From TechCrunch:

Lead Edge Capital, a New York-based venture firm, has been around since 2009, and it has been quietly growing like kudzu since. After closing its very first fund with $52 million back in 2011, it has been roughly doubling the size of its funds ever since, closing on $138 million in 2013 and $290 million in 2016 and today, announcing a fourth, $520 million fund. Altogether, including some special purpose vehicles it has assembled, the firm is now managing roughly $1.5 billion in assets.

How did the team, led by founder Mitchell Green, pull it off? Green’s background may have helped. The Williams College grad . . .

Green is class of 2003. More from the Wall Street Journal last fall:

Mitchell Green has a habit of speaking in machine gun-like blasts punctuated with wild-eyed excitement.

As the 36-year-old founder of Lead Edge Capital, a New York venture-capital firm with $1 billion under management, such frenetic energy and enthusiasm have helped score deals to crow about.

“It’s the energy, right? I have never met a guy that talks so fast and seems to make sense,” said Bill Grabe, a limited partner in Lead Edge funds and an advisory director for General Atlantic. “He’s made me a lot of money.”

Mr. Green’s passion for tech investments has landed deals in Alibaba, Uber and Spotify. People who know him say he is a force of nature who obsesses over things until he gets what he wants.

Getting a piece of Alibaba early was a pivotal moment for Mr. Green and the future of Lead Edge Capital.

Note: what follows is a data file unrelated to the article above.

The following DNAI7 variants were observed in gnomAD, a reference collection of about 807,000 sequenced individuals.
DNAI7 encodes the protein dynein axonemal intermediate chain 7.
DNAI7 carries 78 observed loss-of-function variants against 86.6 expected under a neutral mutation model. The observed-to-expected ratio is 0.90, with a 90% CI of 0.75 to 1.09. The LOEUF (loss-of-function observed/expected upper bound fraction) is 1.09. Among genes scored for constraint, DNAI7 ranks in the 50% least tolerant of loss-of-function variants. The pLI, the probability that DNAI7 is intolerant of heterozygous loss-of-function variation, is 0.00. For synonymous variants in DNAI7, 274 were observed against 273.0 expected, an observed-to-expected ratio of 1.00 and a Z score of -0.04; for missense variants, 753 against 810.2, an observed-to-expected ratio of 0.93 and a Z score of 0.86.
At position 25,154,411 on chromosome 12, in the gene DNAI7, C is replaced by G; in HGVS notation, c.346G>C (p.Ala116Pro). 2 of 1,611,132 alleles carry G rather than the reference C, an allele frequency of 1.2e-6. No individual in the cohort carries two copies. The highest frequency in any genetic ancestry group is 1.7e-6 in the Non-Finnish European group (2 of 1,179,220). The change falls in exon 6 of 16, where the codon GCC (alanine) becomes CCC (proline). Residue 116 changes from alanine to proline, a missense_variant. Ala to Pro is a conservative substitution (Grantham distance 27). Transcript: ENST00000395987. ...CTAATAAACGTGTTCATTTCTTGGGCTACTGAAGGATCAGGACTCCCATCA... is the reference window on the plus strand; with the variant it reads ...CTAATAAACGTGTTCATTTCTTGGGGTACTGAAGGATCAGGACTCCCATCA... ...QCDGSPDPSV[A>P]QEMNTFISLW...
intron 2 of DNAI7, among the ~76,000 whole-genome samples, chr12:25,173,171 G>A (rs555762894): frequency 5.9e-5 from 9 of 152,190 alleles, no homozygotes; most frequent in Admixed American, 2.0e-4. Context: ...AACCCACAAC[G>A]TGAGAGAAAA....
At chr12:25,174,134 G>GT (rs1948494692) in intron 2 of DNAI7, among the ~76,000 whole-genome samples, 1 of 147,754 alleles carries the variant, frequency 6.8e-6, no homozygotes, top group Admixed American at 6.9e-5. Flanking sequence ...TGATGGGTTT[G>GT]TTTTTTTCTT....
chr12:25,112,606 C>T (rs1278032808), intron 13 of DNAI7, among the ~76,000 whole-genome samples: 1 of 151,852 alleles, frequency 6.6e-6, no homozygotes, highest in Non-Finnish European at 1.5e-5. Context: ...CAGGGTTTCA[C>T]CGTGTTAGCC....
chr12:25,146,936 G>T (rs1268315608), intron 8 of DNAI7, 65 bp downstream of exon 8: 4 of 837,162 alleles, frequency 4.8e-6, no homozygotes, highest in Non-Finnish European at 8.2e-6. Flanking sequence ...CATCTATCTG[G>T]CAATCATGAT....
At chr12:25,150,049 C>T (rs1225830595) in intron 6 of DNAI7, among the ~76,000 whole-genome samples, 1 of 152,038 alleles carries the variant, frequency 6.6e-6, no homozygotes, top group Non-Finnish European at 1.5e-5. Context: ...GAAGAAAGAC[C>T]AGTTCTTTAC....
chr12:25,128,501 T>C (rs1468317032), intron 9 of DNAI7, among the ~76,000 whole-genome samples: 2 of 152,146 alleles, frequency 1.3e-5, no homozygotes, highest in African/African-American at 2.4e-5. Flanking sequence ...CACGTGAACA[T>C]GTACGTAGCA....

“We returned about a billion dollars,” he said of the Alibaba stake.

The article ends with:

Unlike others in the industry, Mr. Green is unabashed stressing the importance of pumping the phones with cold calls. His team of six analysts—he’s adding two more—are cut from a Wall Street mold where relentless research is paramount and 80-hour weeks aren’t uncommon. “We are the only guys running a firm who have done the cold calling before,” he said.

And his rule of thumb on cold calls is simple: If they call you back right away, they are a dog. If they don’t call you back, those are the ones you want to work with. “We have shown up at people’s offices completely uninvited,” he said. “Most people actually appreciate persistence.”

Mr. Green doesn’t like to hear ‘no’ when he wants in on an investment that makes a lot of sense from his research. He’s very creative at finding founders or angel investors who might like to get liquidity, said Mr. Grabe. “You don’t know where he’s getting all this stuff from,” he said. “Mitchell is like a ferret—he’s in every hole.”

This is not something that I will get on my tombstone . . .

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